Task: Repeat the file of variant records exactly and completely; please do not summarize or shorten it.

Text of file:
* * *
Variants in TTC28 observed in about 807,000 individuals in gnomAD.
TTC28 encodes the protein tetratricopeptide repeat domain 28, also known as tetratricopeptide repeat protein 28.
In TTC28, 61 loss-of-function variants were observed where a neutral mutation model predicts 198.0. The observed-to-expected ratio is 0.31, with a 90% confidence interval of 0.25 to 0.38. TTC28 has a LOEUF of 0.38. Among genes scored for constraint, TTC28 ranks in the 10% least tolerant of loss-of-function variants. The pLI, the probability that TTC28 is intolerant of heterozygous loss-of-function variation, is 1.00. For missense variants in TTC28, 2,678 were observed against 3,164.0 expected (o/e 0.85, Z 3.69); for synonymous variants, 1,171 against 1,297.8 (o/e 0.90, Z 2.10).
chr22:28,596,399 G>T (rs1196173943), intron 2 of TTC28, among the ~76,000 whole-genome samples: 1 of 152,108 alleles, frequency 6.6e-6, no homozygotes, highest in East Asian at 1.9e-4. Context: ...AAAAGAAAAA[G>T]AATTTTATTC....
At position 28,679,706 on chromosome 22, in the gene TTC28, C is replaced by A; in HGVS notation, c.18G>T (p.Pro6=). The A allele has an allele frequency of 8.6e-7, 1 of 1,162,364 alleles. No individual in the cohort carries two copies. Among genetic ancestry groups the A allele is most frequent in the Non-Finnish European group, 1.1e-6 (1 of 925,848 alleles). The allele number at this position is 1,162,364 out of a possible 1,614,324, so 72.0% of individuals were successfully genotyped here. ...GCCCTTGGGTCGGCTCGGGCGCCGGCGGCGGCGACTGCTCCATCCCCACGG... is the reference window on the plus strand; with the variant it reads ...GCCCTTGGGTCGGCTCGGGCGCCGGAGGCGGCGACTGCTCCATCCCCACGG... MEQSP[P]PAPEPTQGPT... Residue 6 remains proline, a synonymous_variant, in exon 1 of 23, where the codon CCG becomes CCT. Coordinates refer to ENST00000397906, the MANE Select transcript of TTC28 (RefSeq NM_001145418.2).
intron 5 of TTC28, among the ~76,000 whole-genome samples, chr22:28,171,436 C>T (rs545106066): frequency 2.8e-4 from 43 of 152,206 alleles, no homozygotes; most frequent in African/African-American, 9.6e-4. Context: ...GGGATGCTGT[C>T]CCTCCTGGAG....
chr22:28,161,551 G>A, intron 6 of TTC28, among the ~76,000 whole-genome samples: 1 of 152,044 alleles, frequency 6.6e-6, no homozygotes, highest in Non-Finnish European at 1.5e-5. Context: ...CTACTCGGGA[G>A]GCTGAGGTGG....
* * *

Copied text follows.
Variants in TTC28 observed in about 807,000 individuals in gnomAD.
TTC28 encodes the protein tetratricopeptide repeat domain 28, also known as tetratricopeptide repeat protein 28.
In TTC28, 61 loss-of-function variants were observed where a neutral mutation model predicts 198.0. The observed-to-expected ratio is 0.31, with a 90% confidence interval of 0.25 to 0.38. TTC28 has a LOEUF of 0.38. Among genes scored for constraint, TTC28 ranks in the 10% least tolerant of loss-of-function variants. The pLI, the probability that TTC28 is intolerant of heterozygous loss-of-function variation, is 1.00. For missense variants in TTC28, 2,678 were observed against 3,164.0 expected (o/e 0.85, Z 3.69); for synonymous variants, 1,171 against 1,297.8 (o/e 0.90, Z 2.10).
chr22:28,596,399 G>T (rs1196173943), intron 2 of TTC28, among the ~76,000 whole-genome samples: 1 of 152,108 alleles, frequency 6.6e-6, no homozygotes, highest in East Asian at 1.9e-4. Context: ...AAAAGAAAAA[G>T]AATTTTATTC....
At position 28,679,706 on chromosome 22, in the gene TTC28, C is replaced by A; in HGVS notation, c.18G>T (p.Pro6=). The A allele has an allele frequency of 8.6e-7, 1 of 1,162,364 alleles. No individual in the cohort carries two copies. Among genetic ancestry groups the A allele is most frequent in the Non-Finnish European group, 1.1e-6 (1 of 925,848 alleles). The allele number at this position is 1,162,364 out of a possible 1,614,324, so 72.0% of individuals were successfully genotyped here. ...GCCCTTGGGTCGGCTCGGGCGCCGGCGGCGGCGACTGCTCCATCCCCACGG... is the reference window on the plus strand; with the variant it reads ...GCCCTTGGGTCGGCTCGGGCGCCGGAGGCGGCGACTGCTCCATCCCCACGG... MEQSP[P]PAPEPTQGPT... Residue 6 remains proline, a synonymous_variant, in exon 1 of 23, where the codon CCG becomes CCT. Coordinates refer to ENST00000397906, the MANE Select transcript of TTC28 (RefSeq NM_001145418.2).
intron 5 of TTC28, among the ~76,000 whole-genome samples, chr22:28,171,436 C>T (rs545106066): frequency 2.8e-4 from 43 of 152,206 alleles, no homozygotes; most frequent in African/African-American, 9.6e-4. Context: ...GGGATGCTGT[C>T]CCTCCTGGAG....
chr22:28,161,551 G>A, intron 6 of TTC28, among the ~76,000 whole-genome samples: 1 of 152,044 alleles, frequency 6.6e-6, no homozygotes, highest in Non-Finnish European at 1.5e-5. Context: ...CTACTCGGGA[G>A]GCTGAGGTGG....